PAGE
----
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March 2001


  • Suicide Bomber Kills Three Israelis (March 4): Attack in Netanya, town north of Tel Aviv, follows slaying by Israelis of six Palestinians. Tension builds in area.
  • Israel Restores Parliamentary System (March 7): Legislature votes overwhelmingly to abandon direct election of prime minister and have legislators make choice.
  • Bomb Kills Six in Kuwait (March 12): Five Americans die when the U.S. Navy, in a training drill, drops a 500-pound missile and hits observation post filled with military personnel. A New Zealander also dies.
  • Russia to Resume Arms Sales to Iran (March 12): President Putin agrees to provide conventional weapons after five-year interval.
  • Albanian Rebels Fight in Macedonia (March 15): Battle police in Tetovo. Some civilian casualties.
  • OPEC to Cut Oil Output (March 17): Members of Organization of Petroleum Exporting Countries agree to trim production by 4 percent to stem falling prices.
  • Russia Convicts Six in Bombing (March 19): Islamic extremists sentenced for 1999 blast in Dagestan region that killed 68 and sparked popular support for war in Chechnya.
  • Bush Meets with Israeli Prime Minister (March 20): Discussion with Ariel Sharon appears to indicate desire to shun peace talks while violence continues.
  • Russian Diplomats Expelled from U.S. (March 21): Move follows arrest of FBI agent Robert Hanssen, who allegedly spied for Moscow for 15 years.
  • British Livestock Epidemic Spreads (March 23): Foot-and-mouth disease reaches crisis levels and government intensifies efforts to eradicate it.
  • Bush Abandons Global-Warming Treaty (March 30): International session in Montreal breaks up after Bush balks at Kyoto Protocol, which calls on industrialized nations to reduce emissions of heat-trapping gases. (March 31): European leaders angered by Bush's decision to abandon international treaty.


  • Census Bureau Rejects Tally Revision (March 1): Urges commerce secretary not to adjust 2000 population figures to make up for persons not counted.
  • Pentagon Reveals a New Weapon (March 1): Military officials say device uses electronic magnetic waves to disperse crowds without injury.
  • Aides Say Clinton Rejected Pardon Advice (March 1): Three senior advisers tell House panel that president overruled them and granted a pardon to Marc Rich on last day in office.
  • Cheney Hospitalized (March 5): Doctors clear an obstructed artery. Second angioplasty in four months.
  • Congress Repeals Clinton Work Rules (March 6): Senate votes, 56–44, to rescind new regulations designed to reduce injuries, especially those from repetitive stress. (March 7): House by narrow margin, 223–206, also votes for repeal.
  • Increase in U.S. Hispanic Population (March 7): Census Bureau reports Hispanic population grew by more than 60 percent over last decade.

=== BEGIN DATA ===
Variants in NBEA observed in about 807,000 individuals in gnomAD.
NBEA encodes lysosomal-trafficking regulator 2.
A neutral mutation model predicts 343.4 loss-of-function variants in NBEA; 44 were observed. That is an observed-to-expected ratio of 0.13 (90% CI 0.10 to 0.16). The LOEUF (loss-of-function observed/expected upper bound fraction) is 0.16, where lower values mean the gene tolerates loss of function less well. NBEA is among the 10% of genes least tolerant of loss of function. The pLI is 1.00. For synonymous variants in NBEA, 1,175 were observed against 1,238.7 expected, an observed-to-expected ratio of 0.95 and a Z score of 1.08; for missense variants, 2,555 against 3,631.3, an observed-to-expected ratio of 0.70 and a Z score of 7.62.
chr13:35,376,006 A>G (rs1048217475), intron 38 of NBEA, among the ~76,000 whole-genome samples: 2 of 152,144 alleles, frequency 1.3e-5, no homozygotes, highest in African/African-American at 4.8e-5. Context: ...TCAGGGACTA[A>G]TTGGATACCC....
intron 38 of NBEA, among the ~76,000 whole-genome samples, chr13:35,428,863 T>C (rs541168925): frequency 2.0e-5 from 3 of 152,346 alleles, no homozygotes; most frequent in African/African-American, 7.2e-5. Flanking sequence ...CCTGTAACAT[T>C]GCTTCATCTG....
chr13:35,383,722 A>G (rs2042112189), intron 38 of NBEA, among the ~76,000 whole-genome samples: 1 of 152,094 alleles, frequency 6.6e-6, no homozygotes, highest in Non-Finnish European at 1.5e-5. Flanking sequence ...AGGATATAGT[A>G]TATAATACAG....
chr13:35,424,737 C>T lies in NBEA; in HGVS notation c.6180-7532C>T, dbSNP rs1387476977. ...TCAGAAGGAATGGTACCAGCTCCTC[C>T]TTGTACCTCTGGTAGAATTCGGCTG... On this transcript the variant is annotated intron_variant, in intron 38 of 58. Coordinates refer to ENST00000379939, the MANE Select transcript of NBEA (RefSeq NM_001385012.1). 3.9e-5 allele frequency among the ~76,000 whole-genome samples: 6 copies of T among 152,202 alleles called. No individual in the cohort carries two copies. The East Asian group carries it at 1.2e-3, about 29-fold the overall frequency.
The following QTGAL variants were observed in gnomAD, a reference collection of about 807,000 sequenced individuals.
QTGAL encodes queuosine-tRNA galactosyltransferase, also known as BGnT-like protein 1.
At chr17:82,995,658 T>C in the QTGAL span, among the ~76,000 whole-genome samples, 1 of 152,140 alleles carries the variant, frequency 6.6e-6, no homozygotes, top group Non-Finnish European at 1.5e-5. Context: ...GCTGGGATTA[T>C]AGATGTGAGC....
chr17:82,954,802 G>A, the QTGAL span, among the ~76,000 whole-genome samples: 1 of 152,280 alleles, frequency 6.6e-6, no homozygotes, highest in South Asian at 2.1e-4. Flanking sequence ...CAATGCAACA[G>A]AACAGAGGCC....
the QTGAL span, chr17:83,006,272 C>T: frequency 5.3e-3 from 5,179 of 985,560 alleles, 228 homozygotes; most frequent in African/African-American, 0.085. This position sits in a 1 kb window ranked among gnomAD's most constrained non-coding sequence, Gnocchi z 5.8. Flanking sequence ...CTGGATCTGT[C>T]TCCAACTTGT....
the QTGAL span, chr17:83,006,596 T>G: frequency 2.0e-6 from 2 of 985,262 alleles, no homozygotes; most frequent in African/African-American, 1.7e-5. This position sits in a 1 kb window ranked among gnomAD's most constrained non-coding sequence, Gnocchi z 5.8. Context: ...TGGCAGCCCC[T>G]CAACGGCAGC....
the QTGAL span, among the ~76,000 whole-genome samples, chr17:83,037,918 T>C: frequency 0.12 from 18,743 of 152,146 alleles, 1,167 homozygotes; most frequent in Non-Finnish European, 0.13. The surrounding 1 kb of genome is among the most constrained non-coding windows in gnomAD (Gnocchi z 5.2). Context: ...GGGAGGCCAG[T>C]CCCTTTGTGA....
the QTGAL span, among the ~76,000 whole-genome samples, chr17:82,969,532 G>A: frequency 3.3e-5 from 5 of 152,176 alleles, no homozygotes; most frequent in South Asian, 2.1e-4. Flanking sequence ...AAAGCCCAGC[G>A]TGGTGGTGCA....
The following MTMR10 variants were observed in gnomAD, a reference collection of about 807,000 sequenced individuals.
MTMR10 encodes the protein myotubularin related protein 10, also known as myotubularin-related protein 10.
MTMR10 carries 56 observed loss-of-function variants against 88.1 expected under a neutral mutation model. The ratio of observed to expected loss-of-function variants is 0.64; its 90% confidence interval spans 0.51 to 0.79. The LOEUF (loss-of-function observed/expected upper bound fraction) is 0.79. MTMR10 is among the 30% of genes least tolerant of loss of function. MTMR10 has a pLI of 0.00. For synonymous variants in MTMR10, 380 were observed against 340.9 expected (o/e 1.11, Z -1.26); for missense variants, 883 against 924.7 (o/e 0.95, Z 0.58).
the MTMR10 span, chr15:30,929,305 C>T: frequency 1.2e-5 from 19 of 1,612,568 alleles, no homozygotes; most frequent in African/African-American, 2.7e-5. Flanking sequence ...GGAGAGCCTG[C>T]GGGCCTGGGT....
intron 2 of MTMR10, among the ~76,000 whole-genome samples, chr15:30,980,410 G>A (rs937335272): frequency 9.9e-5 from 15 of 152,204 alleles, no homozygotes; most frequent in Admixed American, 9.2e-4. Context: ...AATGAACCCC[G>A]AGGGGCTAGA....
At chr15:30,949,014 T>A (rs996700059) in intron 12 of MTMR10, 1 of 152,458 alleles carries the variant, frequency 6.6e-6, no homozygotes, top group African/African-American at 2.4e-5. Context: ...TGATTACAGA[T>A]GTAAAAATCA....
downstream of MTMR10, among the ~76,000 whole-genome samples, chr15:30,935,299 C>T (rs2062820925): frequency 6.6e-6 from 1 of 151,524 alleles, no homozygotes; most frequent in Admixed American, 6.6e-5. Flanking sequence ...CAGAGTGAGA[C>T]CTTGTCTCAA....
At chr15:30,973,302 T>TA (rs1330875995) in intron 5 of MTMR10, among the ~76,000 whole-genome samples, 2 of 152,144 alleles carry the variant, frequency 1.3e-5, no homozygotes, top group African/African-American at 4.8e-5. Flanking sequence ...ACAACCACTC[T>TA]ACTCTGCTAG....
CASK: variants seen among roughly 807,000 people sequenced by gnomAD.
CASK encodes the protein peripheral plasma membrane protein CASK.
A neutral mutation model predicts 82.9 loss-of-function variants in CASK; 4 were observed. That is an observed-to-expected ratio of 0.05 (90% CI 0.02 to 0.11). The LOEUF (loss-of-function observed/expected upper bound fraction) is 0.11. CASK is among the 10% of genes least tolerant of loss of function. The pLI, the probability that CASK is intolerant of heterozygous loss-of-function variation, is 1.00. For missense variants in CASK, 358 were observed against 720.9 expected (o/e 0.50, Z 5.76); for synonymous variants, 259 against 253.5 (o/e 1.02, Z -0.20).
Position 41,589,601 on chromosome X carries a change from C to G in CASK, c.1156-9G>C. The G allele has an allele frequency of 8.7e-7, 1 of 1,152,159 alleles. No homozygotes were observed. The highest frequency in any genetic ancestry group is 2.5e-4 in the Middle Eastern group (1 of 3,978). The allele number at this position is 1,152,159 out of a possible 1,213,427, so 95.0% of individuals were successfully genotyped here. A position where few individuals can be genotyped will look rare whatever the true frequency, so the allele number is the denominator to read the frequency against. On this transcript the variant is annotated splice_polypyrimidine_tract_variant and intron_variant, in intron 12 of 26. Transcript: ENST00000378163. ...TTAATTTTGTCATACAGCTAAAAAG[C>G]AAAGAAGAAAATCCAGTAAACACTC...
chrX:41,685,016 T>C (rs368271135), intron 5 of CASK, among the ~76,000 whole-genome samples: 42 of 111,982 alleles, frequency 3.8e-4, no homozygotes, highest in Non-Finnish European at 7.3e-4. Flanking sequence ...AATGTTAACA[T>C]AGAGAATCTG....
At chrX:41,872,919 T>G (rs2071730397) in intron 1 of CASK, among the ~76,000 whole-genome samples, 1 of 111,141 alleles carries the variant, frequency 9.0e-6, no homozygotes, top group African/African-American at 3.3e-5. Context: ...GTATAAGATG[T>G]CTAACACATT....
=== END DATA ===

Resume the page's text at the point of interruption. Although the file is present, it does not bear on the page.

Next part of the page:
• Bush Bars Talks with North Korea (March 7): Tells South Korean president Kim Dae Jung that he will not discuss missile negotiations any time soon, shelving Clinton effort toward normal relations.
  • Senate Toughens Bankruptcy Rules (March 15): Votes, 83–15, to make debt reduction more difficult.
  • Rule on Arsenic in Water to End (March 20): EPA plans to rescind Clinton administration order to reduce arsenic level in drinking water.
  • ABA Role on Judgeships to End (March 22): White House tells bar association it will no longer seek its evaluation of nominees for federal bench.
  • Senate Blocks Campaign Finance Reform Foes (March 27): Defeats, 60–40, proposal that would have limited but not banned unregulated donations to parties.


  • Ruling Expands Reach of Cable Companies (March 2): Appeals court strikes down federal regulations that prevent big organizations from expanding and broadcasting more of their own shows.
  • Crash of Guard Plane Kills 21 (March 3): C-23 Sherpa plunges to ground in heavy rain in Georgia.
  • Student Kills Two Others in California (March 5): Charles Andrew Williams, 15, also wounds 13 others at high school in Santee. Incident called worst episode of school violence since Columbine in 1999.
  • U.S. Bans Meat from Europe (March 13): Blocks imports of animals and animal products after foot-and-mouth disease spreads from Britain to France.
  • Four Blasts Kill 108 in China (March 16): Coordinated explosions shake Shijiazhuang. Dozens reported injured. Investigation focuses on a resident of one of bombed buildings who is also wanted for murder.
  • Federal Reserve Acts to Bolster Markets (March 20): Lowers interest rates half a percentage point to stimulate economy after sharp plunges in stock market and Nasdaq technology index.
  • Rolling Blackouts in California (March 20): Hundreds of thousands lose power as industry managers move to counter energy production crisis.
  • Study Links Estrogen to Cancer (March 21): Researchers find that risk of ovarian cancer is greater among those who took hormone for ten or more years.
  • Defects Result in Cloning Animals (March 24): Scientists report mounting evidence of random genetic errors that threaten similar efforts to duplicate humans.
  • Fire Kills 58 Youths in Kenya (March 26): Sleeping students perish in dormitory blaze.
  • Suspect in Anti-Abortion Killing Seized (March 29): French police arrest James Charles Kopp, activist charged in 1998 sniper shooting in Amherst, N.Y.
  • Stem Cells Thought to Yield Benefits (March 30): Scientists see use in repairing damaged heart tissue.

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February 20012001 Month-By-MonthApril 2001

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